At 02:03 PM 5/23/2002 -0700, Brad Velander wrote:
>Abd ul-Rahman,
>         the naming is performed on the Gerber data (how I don't remember)
>such that you have a pad flash with unique names for each different size
>assignment. Then you can replace those assignments with a multilayer pad
>globally. I believe there was a manner of making the same thing work for
>vias as well. It is to bad that I don't recall how it was done because it is
>ideal for replacing pads (vias?) in the case of a gerber data load.

You don't need to remember. The process is almost trivial in Protel, and I 
described it. But it does not give you pad numbers. There is *no* way to 
recover pad numbers from gerber unless one applies a great deal of 
intelligence. E.g., I can recover numbers for a DIP or SOIC (it may be 
necessary to look at the legend to know the orientation); this could be 
automated, but it would require something *much* more sophisticated than 
Protel 2.8, I'm certain of that.

The process you described is simply a "global edit."

While it is possible for gerber to have two different D-codes for the same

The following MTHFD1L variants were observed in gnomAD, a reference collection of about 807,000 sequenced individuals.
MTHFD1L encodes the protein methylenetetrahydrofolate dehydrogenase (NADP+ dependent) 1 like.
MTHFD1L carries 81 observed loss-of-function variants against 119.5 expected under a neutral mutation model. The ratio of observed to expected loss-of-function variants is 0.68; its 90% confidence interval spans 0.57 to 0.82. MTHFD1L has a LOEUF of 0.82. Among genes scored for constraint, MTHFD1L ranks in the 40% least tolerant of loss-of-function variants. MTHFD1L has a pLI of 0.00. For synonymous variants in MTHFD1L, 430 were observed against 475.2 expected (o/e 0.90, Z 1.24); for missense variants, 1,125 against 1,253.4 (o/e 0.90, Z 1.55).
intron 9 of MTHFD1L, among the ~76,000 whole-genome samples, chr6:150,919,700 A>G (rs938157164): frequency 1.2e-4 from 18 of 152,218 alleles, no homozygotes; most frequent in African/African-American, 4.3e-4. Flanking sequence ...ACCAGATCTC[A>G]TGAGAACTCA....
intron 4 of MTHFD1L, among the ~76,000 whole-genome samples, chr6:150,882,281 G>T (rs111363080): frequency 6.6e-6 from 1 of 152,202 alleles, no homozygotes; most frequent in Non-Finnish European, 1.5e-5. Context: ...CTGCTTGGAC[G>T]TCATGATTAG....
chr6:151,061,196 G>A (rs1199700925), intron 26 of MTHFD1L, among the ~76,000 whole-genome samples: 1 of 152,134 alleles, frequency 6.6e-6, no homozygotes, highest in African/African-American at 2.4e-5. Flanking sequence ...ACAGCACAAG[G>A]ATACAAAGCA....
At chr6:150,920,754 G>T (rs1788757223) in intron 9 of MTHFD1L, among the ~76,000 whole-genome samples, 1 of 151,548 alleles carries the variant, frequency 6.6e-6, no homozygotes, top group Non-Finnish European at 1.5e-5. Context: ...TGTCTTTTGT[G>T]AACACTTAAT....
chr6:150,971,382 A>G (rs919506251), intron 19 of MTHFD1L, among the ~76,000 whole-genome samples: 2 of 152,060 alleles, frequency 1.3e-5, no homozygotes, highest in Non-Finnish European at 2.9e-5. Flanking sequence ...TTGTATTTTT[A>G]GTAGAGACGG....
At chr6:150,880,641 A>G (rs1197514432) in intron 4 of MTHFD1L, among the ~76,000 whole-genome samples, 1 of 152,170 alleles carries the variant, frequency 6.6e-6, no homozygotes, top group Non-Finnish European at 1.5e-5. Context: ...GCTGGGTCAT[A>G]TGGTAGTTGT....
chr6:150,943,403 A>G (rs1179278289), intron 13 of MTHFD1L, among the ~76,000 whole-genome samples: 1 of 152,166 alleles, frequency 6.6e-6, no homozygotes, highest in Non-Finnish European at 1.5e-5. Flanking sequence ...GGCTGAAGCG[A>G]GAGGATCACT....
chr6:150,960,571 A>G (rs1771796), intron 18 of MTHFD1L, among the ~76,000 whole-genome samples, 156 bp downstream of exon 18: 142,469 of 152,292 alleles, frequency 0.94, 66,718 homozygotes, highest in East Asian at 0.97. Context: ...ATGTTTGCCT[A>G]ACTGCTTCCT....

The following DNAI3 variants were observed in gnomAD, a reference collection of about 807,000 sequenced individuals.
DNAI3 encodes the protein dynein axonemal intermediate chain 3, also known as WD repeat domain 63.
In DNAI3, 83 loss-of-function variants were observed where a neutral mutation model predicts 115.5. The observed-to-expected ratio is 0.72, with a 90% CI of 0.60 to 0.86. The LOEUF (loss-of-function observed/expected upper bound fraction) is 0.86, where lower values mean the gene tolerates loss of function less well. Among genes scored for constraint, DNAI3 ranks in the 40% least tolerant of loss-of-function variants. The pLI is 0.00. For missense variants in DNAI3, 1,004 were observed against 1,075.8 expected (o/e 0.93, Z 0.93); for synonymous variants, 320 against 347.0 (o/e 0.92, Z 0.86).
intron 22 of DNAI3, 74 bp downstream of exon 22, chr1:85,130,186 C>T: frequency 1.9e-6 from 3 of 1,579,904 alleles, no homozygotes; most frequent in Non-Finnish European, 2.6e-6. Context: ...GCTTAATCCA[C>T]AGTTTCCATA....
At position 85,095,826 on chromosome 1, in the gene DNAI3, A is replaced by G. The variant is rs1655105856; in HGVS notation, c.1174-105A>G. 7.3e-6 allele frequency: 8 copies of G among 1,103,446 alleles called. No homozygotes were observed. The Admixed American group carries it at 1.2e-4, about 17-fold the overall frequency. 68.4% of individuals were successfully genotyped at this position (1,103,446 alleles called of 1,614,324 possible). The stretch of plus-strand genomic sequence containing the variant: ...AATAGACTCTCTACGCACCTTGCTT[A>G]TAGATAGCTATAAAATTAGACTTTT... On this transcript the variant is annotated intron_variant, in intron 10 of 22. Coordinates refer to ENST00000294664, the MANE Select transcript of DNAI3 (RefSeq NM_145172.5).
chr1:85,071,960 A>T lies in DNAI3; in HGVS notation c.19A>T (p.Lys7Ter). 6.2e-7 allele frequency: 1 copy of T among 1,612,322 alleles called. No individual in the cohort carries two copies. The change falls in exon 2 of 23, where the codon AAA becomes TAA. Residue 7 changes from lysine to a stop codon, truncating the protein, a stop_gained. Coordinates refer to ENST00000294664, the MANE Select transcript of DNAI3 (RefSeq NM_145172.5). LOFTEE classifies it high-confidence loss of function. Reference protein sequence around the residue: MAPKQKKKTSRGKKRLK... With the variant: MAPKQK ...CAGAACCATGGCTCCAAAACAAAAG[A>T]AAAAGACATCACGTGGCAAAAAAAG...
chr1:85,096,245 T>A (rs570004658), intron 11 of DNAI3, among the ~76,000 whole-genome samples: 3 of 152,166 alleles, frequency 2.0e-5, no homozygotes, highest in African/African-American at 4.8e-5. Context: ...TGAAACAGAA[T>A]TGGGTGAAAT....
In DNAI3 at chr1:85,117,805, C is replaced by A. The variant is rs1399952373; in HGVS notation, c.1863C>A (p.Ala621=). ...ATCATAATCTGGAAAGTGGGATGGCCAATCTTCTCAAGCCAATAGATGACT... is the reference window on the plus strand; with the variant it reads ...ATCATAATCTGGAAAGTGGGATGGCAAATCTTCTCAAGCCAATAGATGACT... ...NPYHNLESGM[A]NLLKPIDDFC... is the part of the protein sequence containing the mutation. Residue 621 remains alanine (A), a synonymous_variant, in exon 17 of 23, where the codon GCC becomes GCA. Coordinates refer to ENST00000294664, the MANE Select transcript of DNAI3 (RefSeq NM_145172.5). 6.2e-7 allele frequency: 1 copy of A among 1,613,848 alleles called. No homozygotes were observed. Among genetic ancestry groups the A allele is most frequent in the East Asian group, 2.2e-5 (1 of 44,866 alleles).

pad size and shape, I've never seen it and it would be only the result of a 
manual assignment of names; it could be considered an error, albeit a 
normally harmless one. So one will get, in the imported file in Protel, a 
unique size for a unique D-code. So you can globally convert those pads to 
through-hole pads as appropriate and the pad sizes that correspond to vias 
can be converted to vias (using the Convert tool, Selected Pads -> Vias).

The "unique names for each different size" are not necessary, but someone 
might create descriptive pad names to help in the process. Once again, the 
tool is Global Edit.

>         I had simply hoped that someone on the list also knew of this
>process. I cannot recall the details from the one time I was walked through
>it by a person who is no longer with our company.

We do know the process, and we have been describing it....

Now, if 2.8 has a pad renumbering tool like that in Tango DOS, this would 
speed things up, but it would still be a manual process to recover pad 
numbers. (And there is no way to guarantee that the numbers completely 
correspond to the original because there is no universal standard for 
naming the pads of some kinds of components, such as SOT-23s. Fortunately, 
it is not necessary to completely match the original, one must only match 
the schematic that one eventually produces, if there is one to be made.)

But if you must find the original person, there is a fairly good chance 
that one of us knows him or her, if you can remember the name....

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